In today’s interview I get to speak with physician, researcher and expert in diet and nutrition, Dr Artemis Simopoulos.

She shares her vast knowledge of essential fatty-acids, (namely omega-6 and omega-3) as well as their key role in our health.

While it is vital that we maintain a balanced ratio of these fatty acids, Artemis explains how the modern diet and the introduction of vegetable oils to our food supply has made this more difficult.

Artemis is very passionate about the evolutionary aspects of diet and nutrition and has conducted numerous research on the effects of the omega-6/omega-3 ratio on our health.

We also get a chance to talk about how an imbalanced ratio causes inflammation which is an underlying cause of numerous chronic diseases we see today.

If you know someone who is interested in learning more about:

  • What are omega 6 and omega 3 fatty acids
  • Why is having a balanced ratio of these acids important for health
  • What is the ideal ratio
  • How can I find out what my ratio is
  • How can I improve my ratio
  • What foods are rich sources of omega-3 fatty acids and what to avoid
  • Should I consider taking supplements

Then this interview is for them.

I really enjoyed this interview as Artemis has given us a thorough overview of the history behind the ratio getting worse over time in Western society and on the important things to be aware of about this ratio.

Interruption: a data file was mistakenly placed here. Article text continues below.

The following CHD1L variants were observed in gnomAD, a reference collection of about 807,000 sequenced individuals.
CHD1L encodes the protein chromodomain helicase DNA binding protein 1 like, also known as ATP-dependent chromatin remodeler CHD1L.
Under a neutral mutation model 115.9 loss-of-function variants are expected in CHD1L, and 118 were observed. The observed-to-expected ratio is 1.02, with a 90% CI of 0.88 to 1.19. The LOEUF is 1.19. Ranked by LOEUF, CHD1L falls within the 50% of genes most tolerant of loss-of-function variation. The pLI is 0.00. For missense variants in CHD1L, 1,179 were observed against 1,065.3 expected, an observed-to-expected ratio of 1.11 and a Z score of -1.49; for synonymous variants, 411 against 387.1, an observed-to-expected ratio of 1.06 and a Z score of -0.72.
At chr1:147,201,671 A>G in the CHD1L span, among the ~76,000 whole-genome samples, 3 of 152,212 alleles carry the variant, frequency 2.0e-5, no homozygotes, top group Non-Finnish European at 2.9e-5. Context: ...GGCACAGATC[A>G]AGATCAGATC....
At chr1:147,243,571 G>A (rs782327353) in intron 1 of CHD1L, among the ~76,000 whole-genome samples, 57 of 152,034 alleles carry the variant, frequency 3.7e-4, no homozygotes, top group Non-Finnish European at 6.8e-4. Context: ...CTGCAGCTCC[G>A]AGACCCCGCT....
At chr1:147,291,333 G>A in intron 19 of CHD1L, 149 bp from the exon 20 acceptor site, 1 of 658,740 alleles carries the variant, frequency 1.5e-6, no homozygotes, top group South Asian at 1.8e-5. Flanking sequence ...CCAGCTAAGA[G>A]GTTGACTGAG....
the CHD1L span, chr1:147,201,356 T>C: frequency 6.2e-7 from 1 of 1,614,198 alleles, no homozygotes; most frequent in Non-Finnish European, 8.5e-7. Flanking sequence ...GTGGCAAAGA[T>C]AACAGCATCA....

Her practical tips on how to improve the omega-6 to omega-3 ratio to be better were also super helpful. 

Special thanks to Artemis for joining me on the show.

Enjoy the episode!

Get Dr Artemis Simopoulos’ book: The Omega Diet: The Lifesaving Nutritional Program Based on the Diet of the Island of Crete at Amazon.

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Speaker Links

Dr Artemis Simopoulos
Dr Artemis Simopoulos M.D: Physician and Nutrition and Omega-3 fatty-acid expert

Follow, or find out more about, Artemis on these official links:

Show Notes with Timestamp Links

Find summarised highlights of what we talk about during the interview.

Use the clickable timestamp links to jump direct to those points in the audio file below:

[00:20] – Introducing Dr Artemis Simopoulos, who has written extensively about genetic variation and nutrition, evolutionary aspects of diets and fatty-acids and on the role omega-3 fatty acids have on our health and disease. She has edited over 50 books and journal supplements, published over 365 scientific papers, is the author of The Omega Diet book, and so much more.

[01:23] – The Omega-3 and -6 are two families of essential fatty acids, which means they cannot be made by the body but have to be obtained in the diet. Artemis explains the importance of maintaining a good omega-6/omega-3 balance for our health.

[03:28] – It is important to keep the ratio at 1:1 (or at most 2:1 omega-6 to -3) as omega-6 is pro-inflammatory and inflammation is at the root of numerous chronic diseases.

[04:15] – An increased amount of cheap vegetable oils in our diets today has resulted in a high intake of omega-6-fatty-acids, throwing off the ratio and increasing the inflammatory effect of human metabolism.